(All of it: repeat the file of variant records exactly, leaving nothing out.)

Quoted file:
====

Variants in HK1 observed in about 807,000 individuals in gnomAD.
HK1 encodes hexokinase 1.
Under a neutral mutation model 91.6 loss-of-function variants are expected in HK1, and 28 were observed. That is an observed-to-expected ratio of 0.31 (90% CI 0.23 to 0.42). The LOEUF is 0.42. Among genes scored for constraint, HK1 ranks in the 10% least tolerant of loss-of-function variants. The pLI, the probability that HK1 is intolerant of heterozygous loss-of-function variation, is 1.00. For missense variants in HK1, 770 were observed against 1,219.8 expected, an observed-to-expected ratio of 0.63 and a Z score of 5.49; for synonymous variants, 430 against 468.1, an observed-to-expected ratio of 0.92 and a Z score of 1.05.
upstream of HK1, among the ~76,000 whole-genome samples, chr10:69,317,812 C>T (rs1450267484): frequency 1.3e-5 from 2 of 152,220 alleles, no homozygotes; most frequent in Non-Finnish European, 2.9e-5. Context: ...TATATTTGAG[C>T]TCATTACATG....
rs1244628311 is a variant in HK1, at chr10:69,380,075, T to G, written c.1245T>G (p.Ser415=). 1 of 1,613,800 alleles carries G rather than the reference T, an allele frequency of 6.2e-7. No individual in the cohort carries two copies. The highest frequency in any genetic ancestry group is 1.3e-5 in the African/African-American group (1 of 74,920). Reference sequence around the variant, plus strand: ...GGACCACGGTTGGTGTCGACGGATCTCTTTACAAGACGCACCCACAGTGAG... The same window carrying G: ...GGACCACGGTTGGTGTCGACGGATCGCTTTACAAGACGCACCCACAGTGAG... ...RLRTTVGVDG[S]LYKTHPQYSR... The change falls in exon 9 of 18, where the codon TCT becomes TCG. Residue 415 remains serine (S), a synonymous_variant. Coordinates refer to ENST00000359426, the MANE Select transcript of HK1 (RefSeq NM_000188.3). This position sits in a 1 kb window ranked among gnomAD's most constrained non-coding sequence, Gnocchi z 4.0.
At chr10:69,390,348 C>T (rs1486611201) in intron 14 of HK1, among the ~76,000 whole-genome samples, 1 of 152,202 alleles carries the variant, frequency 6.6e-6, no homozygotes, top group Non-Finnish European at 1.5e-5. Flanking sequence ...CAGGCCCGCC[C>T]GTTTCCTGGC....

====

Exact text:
Variants in HK1 observed in about 807,000 individuals in gnomAD.
HK1 encodes hexokinase 1.
Under a neutral mutation model 91.6 loss-of-function variants are expected in HK1, and 28 were observed. That is an observed-to-expected ratio of 0.31 (90% CI 0.23 to 0.42). The LOEUF is 0.42. Among genes scored for constraint, HK1 ranks in the 10% least tolerant of loss-of-function variants. The pLI, the probability that HK1 is intolerant of heterozygous loss-of-function variation, is 1.00. For missense variants in HK1, 770 were observed against 1,219.8 expected, an observed-to-expected ratio of 0.63 and a Z score of 5.49; for synonymous variants, 430 against 468.1, an observed-to-expected ratio of 0.92 and a Z score of 1.05.
upstream of HK1, among the ~76,000 whole-genome samples, chr10:69,317,812 C>T (rs1450267484): frequency 1.3e-5 from 2 of 152,220 alleles, no homozygotes; most frequent in Non-Finnish European, 2.9e-5. Context: ...TATATTTGAG[C>T]TCATTACATG....
rs1244628311 is a variant in HK1, at chr10:69,380,075, T to G, written c.1245T>G (p.Ser415=). 1 of 1,613,800 alleles carries G rather than the reference T, an allele frequency of 6.2e-7. No individual in the cohort carries two copies. The highest frequency in any genetic ancestry group is 1.3e-5 in the African/African-American group (1 of 74,920). Reference sequence around the variant, plus strand: ...GGACCACGGTTGGTGTCGACGGATCTCTTTACAAGACGCACCCACAGTGAG... The same window carrying G: ...GGACCACGGTTGGTGTCGACGGATCGCTTTACAAGACGCACCCACAGTGAG... ...RLRTTVGVDG[S]LYKTHPQYSR... The change falls in exon 9 of 18, where the codon TCT becomes TCG. Residue 415 remains serine (S), a synonymous_variant. Coordinates refer to ENST00000359426, the MANE Select transcript of HK1 (RefSeq NM_000188.3). This position sits in a 1 kb window ranked among gnomAD's most constrained non-coding sequence, Gnocchi z 4.0.
At chr10:69,390,348 C>T (rs1486611201) in intron 14 of HK1, among the ~76,000 whole-genome samples, 1 of 152,202 alleles carries the variant, frequency 6.6e-6, no homozygotes, top group Non-Finnish European at 1.5e-5. Flanking sequence ...CAGGCCCGCC[C>T]GTTTCCTGGC....